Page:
By composing on a regular basis, we're more likely to have original ideas at a time when we can work them through and figure out all the notes. Those original ideas could very well be the building blocks for our original sound; a sound that might go undiscovered through improvisation alone.

Learning about other compositions

Since I don't write my own original music, I spend most of the time improvising to somebody else's compositions. Sure, I can read music and I can play along with chord changes, but that's all on the surface. Will I notice how the composer develops a simple motif from the first two measures through to the end of the piece? Will I understand how the chord progression supports the melody during the bridge? Subtle compositional nuances become more obvious when you're in the practice of composing yourself. Or to put it differently, it takes a composer to know one.

Familiarity with the art of composition will help us to more fully understand the intentions of other composers. As a result, our improvised solos might mesh better with the music and sound more like part of the composition and less like we're just blowin' through the changes.


When I wrote songs in the past, I'd typically noodle around on a piano, trumpet, or guitar to find ideas. Or, I'd sing something and then try to figure out the notes on an instrument before writing anything down. Regardless of where the ideas came from, I'd always rely on an instrument to help me find the notes. In the master class, however, Dave Douglas asked us to compose entirely by ear. This isn't something I would have tried before, but it turns out to be a fantastic exercise for both composition and ear training. And based on what I've said above, that means it's also useful for improvisation!

Here's the exercise: Compose a few measures of music, using a single octave of a piano's white notes from C to C. That gives you eight notes to work with (C D E F G A B C). Write everything down entirely by ear, without using an instrument to sound out any of the notes. When you're done, sing the composition aloud.

Let me just say, I love this exercise! The mix of ear training, transcription, and sight-singing really challenges your aural skills and your imagination. And, it has an infinite number of variations. If your aural skills aren't strong enough to use all of the white notes, you could begin by composing with just two or three notes (e.g. C D F). For extra variety, you could base your note selection on one of the scale modes, or you could pick a random group of notes from a chromatic scale. Similarly, you can add rhythmic restrictions, like using nothing but quarter notes. Or, you could force yourself to change meters every bar. See, the possibilities really are endless!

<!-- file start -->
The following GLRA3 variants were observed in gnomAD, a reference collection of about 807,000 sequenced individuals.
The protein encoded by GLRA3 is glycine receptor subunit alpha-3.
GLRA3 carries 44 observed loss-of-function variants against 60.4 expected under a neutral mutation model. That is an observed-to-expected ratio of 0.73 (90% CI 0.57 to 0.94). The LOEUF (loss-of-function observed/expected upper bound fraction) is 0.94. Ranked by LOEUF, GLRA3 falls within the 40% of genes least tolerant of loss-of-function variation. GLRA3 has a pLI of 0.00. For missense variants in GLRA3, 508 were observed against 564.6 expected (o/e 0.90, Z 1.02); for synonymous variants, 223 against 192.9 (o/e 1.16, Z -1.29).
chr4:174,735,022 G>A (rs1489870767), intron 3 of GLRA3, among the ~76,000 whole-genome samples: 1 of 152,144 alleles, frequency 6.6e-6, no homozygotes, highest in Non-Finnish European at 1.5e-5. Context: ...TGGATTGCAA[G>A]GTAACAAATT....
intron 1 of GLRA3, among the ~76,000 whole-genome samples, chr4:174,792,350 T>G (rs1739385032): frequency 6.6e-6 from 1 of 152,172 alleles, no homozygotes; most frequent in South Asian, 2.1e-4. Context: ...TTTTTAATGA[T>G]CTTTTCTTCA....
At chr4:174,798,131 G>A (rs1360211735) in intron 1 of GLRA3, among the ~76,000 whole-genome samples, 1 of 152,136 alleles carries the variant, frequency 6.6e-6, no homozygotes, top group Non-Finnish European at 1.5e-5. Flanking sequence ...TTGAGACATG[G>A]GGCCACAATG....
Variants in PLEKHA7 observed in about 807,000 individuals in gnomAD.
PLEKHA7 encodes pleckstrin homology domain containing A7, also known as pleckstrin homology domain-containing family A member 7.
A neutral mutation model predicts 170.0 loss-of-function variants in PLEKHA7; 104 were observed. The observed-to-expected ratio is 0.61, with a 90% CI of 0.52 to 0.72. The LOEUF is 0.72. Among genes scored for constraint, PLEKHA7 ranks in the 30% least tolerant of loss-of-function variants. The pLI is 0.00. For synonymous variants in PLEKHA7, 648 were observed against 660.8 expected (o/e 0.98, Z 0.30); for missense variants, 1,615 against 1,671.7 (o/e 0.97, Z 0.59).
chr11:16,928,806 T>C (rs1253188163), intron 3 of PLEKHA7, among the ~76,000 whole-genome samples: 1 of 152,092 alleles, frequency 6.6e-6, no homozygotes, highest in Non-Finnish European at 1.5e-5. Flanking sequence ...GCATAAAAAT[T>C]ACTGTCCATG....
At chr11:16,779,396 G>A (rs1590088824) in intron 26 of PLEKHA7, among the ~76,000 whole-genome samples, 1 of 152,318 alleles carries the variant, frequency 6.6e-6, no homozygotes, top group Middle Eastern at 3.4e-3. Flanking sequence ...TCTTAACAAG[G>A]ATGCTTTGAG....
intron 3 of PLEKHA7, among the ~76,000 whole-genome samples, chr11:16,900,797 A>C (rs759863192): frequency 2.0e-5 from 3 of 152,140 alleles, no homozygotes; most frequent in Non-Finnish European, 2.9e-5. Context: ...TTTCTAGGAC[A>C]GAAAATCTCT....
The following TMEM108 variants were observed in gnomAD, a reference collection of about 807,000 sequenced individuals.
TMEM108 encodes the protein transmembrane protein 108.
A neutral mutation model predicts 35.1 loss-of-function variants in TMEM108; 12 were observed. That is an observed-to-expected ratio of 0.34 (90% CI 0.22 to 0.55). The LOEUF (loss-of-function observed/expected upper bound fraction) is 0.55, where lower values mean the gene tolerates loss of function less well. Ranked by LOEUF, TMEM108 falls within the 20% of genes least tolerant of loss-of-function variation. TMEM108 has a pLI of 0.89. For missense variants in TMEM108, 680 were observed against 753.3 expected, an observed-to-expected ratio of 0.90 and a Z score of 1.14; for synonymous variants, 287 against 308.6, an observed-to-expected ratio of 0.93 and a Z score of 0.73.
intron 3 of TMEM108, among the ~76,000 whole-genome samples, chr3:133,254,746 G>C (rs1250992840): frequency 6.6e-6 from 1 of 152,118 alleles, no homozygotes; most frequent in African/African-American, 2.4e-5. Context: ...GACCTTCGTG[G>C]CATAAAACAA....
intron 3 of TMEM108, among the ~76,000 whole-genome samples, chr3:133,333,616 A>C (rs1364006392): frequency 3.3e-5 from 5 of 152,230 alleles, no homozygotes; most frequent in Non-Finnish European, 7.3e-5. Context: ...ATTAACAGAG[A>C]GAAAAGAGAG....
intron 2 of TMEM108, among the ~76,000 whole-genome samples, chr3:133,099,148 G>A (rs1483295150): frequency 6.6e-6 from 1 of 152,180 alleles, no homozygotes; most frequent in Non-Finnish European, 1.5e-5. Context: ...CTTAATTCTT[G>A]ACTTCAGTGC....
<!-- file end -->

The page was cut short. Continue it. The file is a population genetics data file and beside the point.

With about forty recordings as a leader, and even more as a sideman, Dave Douglas has a large and varied body of work that spans a number of genres. For better or worse, though, he's often classified as an "avant-garde" musician. In truth, very little of his music actually fits into that genre. There's nothing wrong with avant-garde music, but there are definitely those who see it as a haphazard, random, and perhaps unsophisticated art form. And by association, those same people tend to think Dave Douglas isn't as serious of a musician as his more traditional contemporaries. But that most definitely isn't true.

After the composition master class, there was another master class that was really more of a listening session. Dave Douglas played a variety of music, some jazz, some 20th century classical, and some world music. At the end of the session, he played one of his compositions for the 2009 SFJazz Collective. While the tune played, he wrote the entire form of the tune on a whiteboard, showing how one section built upon another, with the soloists weaving in and out. In total, the tune had about twenty different sections that seamlessly fit together to form a fully composed and carefully crafted piece of music. It was beautiful, too.

As I contemplated all that I had learned in the composition master class and as I watched the form unfold on the whiteboard, I couldn't help but think, if Dave Douglas isn't a serious musician, I don't know who is.